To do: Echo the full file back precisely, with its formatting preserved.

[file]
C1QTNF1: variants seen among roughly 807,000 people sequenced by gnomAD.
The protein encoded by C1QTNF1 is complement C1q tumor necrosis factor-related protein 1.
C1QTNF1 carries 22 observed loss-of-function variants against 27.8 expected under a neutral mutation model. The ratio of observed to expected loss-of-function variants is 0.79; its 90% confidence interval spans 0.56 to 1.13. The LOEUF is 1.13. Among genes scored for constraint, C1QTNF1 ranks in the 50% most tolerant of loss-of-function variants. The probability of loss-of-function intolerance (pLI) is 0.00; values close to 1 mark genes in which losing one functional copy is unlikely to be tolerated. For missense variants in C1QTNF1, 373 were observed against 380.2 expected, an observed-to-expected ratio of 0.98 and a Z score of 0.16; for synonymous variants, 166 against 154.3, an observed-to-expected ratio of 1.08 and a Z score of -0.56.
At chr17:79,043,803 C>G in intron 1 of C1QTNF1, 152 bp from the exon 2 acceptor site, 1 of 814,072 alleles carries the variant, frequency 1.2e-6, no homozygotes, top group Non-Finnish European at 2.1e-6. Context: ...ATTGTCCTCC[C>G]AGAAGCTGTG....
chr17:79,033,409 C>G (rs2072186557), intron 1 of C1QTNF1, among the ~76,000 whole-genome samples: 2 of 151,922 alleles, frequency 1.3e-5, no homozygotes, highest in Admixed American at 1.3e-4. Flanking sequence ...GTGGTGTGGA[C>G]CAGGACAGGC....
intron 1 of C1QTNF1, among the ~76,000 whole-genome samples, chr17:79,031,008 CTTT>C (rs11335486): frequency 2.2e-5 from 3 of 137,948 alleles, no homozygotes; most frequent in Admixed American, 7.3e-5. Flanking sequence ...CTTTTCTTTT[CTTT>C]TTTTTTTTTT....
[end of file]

C1QTNF1: variants seen among roughly 807,000 people sequenced by gnomAD.
The protein encoded by C1QTNF1 is complement C1q tumor necrosis factor-related protein 1.
C1QTNF1 carries 22 observed loss-of-function variants against 27.8 expected under a neutral mutation model. The ratio of observed to expected loss-of-function variants is 0.79; its 90% confidence interval spans 0.56 to 1.13. The LOEUF is 1.13. Among genes scored for constraint, C1QTNF1 ranks in the 50% most tolerant of loss-of-function variants. The probability of loss-of-function intolerance (pLI) is 0.00; values close to 1 mark genes in which losing one functional copy is unlikely to be tolerated. For missense variants in C1QTNF1, 373 were observed against 380.2 expected, an observed-to-expected ratio of 0.98 and a Z score of 0.16; for synonymous variants, 166 against 154.3, an observed-to-expected ratio of 1.08 and a Z score of -0.56.
At chr17:79,043,803 C>G in intron 1 of C1QTNF1, 152 bp from the exon 2 acceptor site, 1 of 814,072 alleles carries the variant, frequency 1.2e-6, no homozygotes, top group Non-Finnish European at 2.1e-6. Context: ...ATTGTCCTCC[C>G]AGAAGCTGTG....
chr17:79,033,409 C>G (rs2072186557), intron 1 of C1QTNF1, among the ~76,000 whole-genome samples: 2 of 151,922 alleles, frequency 1.3e-5, no homozygotes, highest in Admixed American at 1.3e-4. Flanking sequence ...GTGGTGTGGA[C>G]CAGGACAGGC....
intron 1 of C1QTNF1, among the ~76,000 whole-genome samples, chr17:79,031,008 CTTT>C (rs11335486): frequency 2.2e-5 from 3 of 137,948 alleles, no homozygotes; most frequent in Admixed American, 7.3e-5. Flanking sequence ...CTTTTCTTTT[CTTT>C]TTTTTTTTTT....